Fatima referenced a recent article she authored with Feierstein on the importance of engaging with the Houthis, reasoning that the more we isolate a group, the stronger they become because they have a monopoly of violence which is challenging to break. She implied that the more the Houthis rely on smuggling and controlling people, the more complex negotiations become, urging Yemenis to break this cycle on the inside and start negotiating seriously with the Houthis. 


The audience submitted another question on weapon sales and war crimes against Yemeni civilians due to weapon sales to Saudi and how the U.S. can engage more fruitfully with Saudi and secure the region without having dire consequences on Yemen through arms sales. 


Henzel expressed that it was distasteful during his role when he had to defend the Saudis during a senate confirmation hearing; he considered what they permitted to happen, especially in 2016, was inexcusable due to incompetence and disregard for what was happening in Yemen. He recalled that around 2016, various administrations put enough pressure on the Saudis to make a few successful reforms in the way their Air Force operated and came up with a process that emulated the U.S. Air Force process to deal with civilian casualty incidents and was better at explaining it and reducing the number of casualties, nonetheless, it remained inexcusable. Henzel stated that threatening to cut weapon sales disrupted a relationship beyond Yemen. 


On the other hand, Laipson considered the Emirati declaration that no military solution was a positive step, and the Saudis are following suit. However, she emphasized that course correction is in order despite the Saudis’ lack of transparency. 


Henzel added that MBS expectations of the Yemen conflict have become more realistic, suggesting that even if Houthis prevail, Saudi could consider making monthly payments to the Houthis to ensure ending or limiting Iran’s role; nevertheless, Houthis do not seem ready to take this step at the moment.


Feierstein concluded that the issue of bringing a broader cross-section of Yemenis to participate in efforts to bring peace and civil engagement had increased the quality of life; the question remaining is whether expanding the aperture to bring them into the conversation on the overall political settlement at this juncture would work. He stressed that the Houthis’ willingness to engage transparently remains an obstacle that will not end the conflict regardless of who sits at the table. Feierstein referenced the National Dialogue Conference 2013-2014 as a focused and successful experiment of bringing a broader cross-section of Yemenis to discuss and negotiate, which brought over 1600 recommendations to the table of what could be to make Yemen an economically and politically prosperous country. Nevertheless, the opposition should have reviewed these recommendations to extrapolate those that are worthwhile and urged Yemenis to study the recommendations before further negotiations. Although Feierstein denoted that the cross-sections are not in a conflict where there is stability and opportunities, he recalled a conversation with Al-Alimi, President of Yemen, that highlighted gas exports from Yemen and implied underlined an opportunity worth exploring to revive Yemen’s economy, where the world is desperately seeking new energy supplies of which Yemen could be a part. However, he emphasized that it requires the government of Yemen and the Houthis to cooperate and agree on moving forward. Feierstein concluded that the ploy to ensure the viability of this solution is a stop-gap measure and not a de-facto solution to the problem.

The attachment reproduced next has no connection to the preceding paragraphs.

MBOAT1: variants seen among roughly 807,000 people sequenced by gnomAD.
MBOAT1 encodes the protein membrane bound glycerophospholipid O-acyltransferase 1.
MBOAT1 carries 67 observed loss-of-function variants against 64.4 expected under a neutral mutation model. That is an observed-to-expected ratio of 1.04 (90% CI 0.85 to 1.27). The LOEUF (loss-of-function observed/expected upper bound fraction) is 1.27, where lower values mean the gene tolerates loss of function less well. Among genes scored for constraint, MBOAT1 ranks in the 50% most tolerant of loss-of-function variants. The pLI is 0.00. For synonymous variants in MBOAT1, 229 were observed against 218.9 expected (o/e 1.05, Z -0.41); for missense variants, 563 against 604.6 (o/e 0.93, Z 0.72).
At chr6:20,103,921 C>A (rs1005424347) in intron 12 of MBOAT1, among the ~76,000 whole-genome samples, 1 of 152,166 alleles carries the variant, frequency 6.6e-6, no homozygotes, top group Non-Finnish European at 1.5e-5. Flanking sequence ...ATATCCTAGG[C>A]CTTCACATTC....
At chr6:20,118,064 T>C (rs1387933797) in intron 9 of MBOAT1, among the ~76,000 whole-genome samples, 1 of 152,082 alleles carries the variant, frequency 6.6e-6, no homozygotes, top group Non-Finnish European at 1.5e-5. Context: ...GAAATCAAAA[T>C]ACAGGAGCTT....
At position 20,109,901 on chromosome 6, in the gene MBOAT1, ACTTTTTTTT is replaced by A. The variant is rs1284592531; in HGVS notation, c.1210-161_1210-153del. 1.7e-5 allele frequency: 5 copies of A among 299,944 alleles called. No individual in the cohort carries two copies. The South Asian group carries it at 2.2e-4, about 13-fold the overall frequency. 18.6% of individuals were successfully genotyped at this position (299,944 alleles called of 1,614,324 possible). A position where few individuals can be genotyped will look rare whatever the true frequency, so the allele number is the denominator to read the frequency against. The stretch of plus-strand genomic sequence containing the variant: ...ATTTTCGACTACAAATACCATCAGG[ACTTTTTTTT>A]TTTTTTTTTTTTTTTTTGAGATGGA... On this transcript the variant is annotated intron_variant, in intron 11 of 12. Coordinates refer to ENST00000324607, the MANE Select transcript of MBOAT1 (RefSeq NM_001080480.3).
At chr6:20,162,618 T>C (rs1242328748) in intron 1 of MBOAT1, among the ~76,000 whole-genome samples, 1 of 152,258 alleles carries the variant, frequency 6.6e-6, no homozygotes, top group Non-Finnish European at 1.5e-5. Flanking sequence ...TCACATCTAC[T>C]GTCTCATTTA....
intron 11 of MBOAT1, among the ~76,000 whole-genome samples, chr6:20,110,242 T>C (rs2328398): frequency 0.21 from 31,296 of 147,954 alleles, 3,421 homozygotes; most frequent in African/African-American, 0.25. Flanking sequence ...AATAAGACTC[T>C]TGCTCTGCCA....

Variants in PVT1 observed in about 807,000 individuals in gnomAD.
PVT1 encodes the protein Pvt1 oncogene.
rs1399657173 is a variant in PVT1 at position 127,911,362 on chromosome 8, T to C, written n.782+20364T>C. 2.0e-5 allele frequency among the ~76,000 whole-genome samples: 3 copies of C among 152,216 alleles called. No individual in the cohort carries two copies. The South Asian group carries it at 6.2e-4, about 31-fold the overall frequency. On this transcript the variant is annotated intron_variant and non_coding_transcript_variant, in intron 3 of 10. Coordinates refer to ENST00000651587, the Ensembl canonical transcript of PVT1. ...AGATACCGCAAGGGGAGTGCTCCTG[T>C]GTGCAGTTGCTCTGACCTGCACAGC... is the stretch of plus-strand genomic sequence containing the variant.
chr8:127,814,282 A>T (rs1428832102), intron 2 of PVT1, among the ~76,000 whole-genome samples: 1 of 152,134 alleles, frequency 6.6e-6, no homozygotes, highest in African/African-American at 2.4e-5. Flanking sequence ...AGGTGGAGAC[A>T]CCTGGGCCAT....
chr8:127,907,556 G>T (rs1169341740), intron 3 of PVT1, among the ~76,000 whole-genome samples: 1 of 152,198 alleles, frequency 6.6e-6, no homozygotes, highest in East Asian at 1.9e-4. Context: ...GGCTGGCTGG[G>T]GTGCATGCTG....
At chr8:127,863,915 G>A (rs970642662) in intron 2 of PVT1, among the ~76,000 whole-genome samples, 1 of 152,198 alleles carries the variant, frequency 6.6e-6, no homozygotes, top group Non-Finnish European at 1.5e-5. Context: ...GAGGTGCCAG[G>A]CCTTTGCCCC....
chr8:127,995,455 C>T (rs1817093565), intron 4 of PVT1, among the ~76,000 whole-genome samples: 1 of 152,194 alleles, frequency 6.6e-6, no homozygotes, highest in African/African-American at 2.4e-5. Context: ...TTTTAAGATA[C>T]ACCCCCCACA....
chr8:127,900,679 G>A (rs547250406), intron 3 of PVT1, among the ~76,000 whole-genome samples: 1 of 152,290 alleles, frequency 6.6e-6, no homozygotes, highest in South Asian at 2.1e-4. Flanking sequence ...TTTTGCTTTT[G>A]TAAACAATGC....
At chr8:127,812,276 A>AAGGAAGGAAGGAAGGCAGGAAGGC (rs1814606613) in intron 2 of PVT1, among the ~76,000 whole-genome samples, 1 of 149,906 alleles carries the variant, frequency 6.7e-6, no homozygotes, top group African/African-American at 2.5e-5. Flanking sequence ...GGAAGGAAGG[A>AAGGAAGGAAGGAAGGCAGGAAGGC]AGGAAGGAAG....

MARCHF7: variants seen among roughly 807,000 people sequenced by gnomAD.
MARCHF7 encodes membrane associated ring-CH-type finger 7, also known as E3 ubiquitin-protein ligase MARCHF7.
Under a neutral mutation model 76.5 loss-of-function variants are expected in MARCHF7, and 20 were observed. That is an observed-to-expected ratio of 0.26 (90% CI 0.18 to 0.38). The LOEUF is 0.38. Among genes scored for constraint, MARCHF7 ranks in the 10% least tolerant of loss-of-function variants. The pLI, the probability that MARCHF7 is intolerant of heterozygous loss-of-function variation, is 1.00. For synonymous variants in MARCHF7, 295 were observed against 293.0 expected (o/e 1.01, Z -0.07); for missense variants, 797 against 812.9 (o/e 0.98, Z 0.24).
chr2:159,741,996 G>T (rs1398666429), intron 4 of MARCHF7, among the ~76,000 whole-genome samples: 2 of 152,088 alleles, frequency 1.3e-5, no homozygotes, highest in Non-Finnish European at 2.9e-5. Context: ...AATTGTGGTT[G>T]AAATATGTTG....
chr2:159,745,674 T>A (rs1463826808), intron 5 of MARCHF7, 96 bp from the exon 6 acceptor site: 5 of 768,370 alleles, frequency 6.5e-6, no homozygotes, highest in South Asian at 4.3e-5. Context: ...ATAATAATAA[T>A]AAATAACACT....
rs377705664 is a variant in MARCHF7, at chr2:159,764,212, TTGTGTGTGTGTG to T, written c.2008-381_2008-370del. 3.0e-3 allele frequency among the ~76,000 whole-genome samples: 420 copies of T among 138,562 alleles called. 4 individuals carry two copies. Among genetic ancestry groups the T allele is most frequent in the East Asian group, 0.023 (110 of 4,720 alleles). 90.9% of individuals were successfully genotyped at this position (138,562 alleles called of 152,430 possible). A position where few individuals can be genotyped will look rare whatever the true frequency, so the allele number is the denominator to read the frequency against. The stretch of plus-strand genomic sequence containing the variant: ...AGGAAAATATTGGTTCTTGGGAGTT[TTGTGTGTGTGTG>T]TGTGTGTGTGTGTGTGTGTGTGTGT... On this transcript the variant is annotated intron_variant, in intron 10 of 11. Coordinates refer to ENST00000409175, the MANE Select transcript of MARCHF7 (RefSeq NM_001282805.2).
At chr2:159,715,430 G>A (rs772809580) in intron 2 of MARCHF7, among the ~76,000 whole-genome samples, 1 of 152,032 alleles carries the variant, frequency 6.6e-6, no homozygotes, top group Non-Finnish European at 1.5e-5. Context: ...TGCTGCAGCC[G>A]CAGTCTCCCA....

The Washington Center for Yemeni Studies launched the WCYS 1st Annual Conference 2022 – Yemen Under the Scope in Washington, D.C., on September 29th. Since then, Yemeni-led in-depth conversations have brought together various political, economic, and civil society actors by offering an inclusive platform for diverse voices in Yemeni affairs to share insights and advance solutions for overarching issues and struggles in ending the crisis.

Possible Paths and Opportunities for Peace in Yemen- Panel organized by Middle East Institute at the 1st WCYS Annual Conference 2022 – Yemen Under the Scope. 


Leave a Reply

Your email address will not be published. Required fields are marked *


Most Popular

Follow Us

Subscribe To Our Newsletter

Sign up to be the first to hear about News & Publication releases!